Poetry from Thailand

Original poetry written in and about rural Thailand.

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Location: Chong Khae, Nakhonsawan, Thailand

Wednesday, November 18, 2015

The Awnings of Summer

They were made of canvas and folded
down as a baby’s pram cover folded up.
Green with white piping they were
raised and lowered with a white
cord not quite rope nor string.
The four south-facing windows
of my father’s house had them and
as I clipped the grass on my knees
near the foundation with shears
whose blades looked like cartoon
rabbit ears, I could hear ice cubes
in tall glasses through the open
screens of our living room.  In style
I felt we were on a par with the Kennedys
in Hyannis port, but air conditioning
came and soon wrecked that feeling. 
Landing on the moon wrecked that
feeling and the computer continues
to wreck that feeling now.  It’s almost
as if we have traded an age of elegance
for an age of crass irrelevance.

FG           11/18/2015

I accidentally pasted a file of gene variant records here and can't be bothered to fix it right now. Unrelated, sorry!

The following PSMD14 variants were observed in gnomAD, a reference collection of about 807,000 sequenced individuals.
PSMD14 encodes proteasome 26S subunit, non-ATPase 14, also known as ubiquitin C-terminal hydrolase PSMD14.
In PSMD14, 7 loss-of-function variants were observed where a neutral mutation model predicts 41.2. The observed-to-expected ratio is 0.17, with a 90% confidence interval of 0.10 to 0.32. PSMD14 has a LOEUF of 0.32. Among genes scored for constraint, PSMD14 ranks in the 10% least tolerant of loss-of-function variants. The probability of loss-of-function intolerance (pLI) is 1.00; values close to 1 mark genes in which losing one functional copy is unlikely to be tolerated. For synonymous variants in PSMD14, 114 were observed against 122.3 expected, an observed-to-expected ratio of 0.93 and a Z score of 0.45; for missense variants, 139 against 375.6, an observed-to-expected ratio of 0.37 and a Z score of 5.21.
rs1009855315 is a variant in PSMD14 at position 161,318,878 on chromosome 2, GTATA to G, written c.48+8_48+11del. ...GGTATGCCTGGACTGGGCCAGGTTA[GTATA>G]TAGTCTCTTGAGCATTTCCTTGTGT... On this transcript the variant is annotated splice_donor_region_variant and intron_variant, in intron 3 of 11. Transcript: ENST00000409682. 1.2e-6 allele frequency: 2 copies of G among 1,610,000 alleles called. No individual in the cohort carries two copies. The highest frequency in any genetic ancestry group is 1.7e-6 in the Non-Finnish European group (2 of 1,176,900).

This was the house of Spring Street, the only house I knew as a kid.  I don’t think the awnings lasted long as they had to be taken down for the winter and put back up.  My mother also had an English-looking lamp post in the front yard with a wrought iron street sign on it saying Greenwood.  I know these are affectations, but it is in affectations that we come to understand the age.  My father, on the other hand, no doubt upset with my mother for some reason once told me under his breath that he could be happy living under a bridge – which ironically is pretty much where I happily (for the most part) live now.   

Crass irrelevance because technology closes us in, puts things like the moon beyond reach or becomes a virtual stand-in for life.